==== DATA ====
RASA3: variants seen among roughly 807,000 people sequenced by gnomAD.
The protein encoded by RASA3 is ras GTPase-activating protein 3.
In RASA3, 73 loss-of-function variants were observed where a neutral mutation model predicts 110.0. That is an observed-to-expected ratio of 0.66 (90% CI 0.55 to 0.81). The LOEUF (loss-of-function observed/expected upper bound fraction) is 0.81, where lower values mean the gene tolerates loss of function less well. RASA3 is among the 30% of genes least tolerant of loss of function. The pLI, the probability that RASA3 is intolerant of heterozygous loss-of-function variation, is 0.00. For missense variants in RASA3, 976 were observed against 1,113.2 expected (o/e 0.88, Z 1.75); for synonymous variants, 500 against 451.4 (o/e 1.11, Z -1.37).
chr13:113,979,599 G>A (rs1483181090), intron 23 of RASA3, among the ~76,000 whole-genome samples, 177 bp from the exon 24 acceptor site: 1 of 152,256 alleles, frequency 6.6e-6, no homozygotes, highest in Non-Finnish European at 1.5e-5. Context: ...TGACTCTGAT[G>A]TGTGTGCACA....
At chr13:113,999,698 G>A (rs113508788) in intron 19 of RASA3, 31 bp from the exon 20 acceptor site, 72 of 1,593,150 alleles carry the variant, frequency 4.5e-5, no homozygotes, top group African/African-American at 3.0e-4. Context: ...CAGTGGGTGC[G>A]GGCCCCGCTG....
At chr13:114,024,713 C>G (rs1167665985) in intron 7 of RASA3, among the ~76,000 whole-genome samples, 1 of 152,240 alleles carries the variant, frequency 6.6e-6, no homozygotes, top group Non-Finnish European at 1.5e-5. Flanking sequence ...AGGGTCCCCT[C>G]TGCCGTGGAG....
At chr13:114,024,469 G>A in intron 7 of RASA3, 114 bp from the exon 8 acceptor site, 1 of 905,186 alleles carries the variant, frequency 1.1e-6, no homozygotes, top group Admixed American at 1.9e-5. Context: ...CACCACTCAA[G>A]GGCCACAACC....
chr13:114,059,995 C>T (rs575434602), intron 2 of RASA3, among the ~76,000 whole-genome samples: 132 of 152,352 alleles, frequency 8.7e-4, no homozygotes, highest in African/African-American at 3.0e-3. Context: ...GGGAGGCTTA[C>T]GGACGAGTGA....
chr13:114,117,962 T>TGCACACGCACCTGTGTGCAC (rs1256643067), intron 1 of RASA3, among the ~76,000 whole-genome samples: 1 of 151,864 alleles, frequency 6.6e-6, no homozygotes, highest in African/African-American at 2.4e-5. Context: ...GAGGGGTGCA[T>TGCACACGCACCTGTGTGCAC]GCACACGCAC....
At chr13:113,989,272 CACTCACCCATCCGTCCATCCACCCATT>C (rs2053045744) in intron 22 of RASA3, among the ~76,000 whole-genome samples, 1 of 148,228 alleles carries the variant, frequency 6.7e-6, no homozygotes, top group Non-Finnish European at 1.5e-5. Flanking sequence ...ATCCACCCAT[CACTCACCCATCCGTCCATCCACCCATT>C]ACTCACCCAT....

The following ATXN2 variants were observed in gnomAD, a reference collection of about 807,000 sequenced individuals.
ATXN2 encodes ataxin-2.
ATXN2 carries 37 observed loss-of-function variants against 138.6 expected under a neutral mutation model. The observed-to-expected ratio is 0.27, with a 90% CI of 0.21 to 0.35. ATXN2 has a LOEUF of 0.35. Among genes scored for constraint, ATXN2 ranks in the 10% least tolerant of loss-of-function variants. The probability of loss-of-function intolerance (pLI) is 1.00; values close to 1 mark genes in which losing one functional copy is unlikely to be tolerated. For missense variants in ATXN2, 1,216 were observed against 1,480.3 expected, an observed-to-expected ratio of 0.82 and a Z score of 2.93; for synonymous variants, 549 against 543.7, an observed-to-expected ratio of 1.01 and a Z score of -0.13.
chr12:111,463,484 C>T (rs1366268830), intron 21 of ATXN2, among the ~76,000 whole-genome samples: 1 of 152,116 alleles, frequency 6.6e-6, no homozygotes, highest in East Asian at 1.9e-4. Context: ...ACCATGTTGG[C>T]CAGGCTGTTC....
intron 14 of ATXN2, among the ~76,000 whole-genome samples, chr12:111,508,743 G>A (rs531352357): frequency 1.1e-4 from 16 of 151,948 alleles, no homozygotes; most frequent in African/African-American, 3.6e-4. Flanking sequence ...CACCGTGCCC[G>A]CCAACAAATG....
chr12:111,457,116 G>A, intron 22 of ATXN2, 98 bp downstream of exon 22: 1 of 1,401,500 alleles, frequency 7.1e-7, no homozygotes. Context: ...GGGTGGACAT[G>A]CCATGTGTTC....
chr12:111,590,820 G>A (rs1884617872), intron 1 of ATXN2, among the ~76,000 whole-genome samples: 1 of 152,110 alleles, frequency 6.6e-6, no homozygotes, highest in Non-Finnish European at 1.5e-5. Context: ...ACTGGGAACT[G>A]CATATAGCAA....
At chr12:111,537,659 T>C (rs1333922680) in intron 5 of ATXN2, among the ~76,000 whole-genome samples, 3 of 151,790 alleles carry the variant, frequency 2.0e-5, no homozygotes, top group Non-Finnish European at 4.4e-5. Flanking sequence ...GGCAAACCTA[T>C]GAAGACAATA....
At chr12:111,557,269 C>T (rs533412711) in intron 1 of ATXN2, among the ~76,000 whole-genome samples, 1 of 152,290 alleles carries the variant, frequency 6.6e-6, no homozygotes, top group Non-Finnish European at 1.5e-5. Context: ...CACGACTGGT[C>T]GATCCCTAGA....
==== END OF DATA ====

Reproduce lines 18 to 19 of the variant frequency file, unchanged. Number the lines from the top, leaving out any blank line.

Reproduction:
At chr12:111,537,659 T>C (rs1333922680) in intron 5 of ATXN2, among the ~76,000 whole-genome samples, 3 of 151,790 alleles carry the variant, frequency 2.0e-5, no homozygotes, top group Non-Finnish European at 4.4e-5. Flanking sequence ...GGCAAACCTA[T>C]GAAGACAATA....
At chr12:111,557,269 C>T (rs533412711) in intron 1 of ATXN2, among the ~76,000 whole-genome samples, 1 of 152,290 alleles carries the variant, frequency 6.6e-6, no homozygotes, top group Non-Finnish European at 1.5e-5. Context: ...CACGACTGGT[C>T]GATCCCTAGA....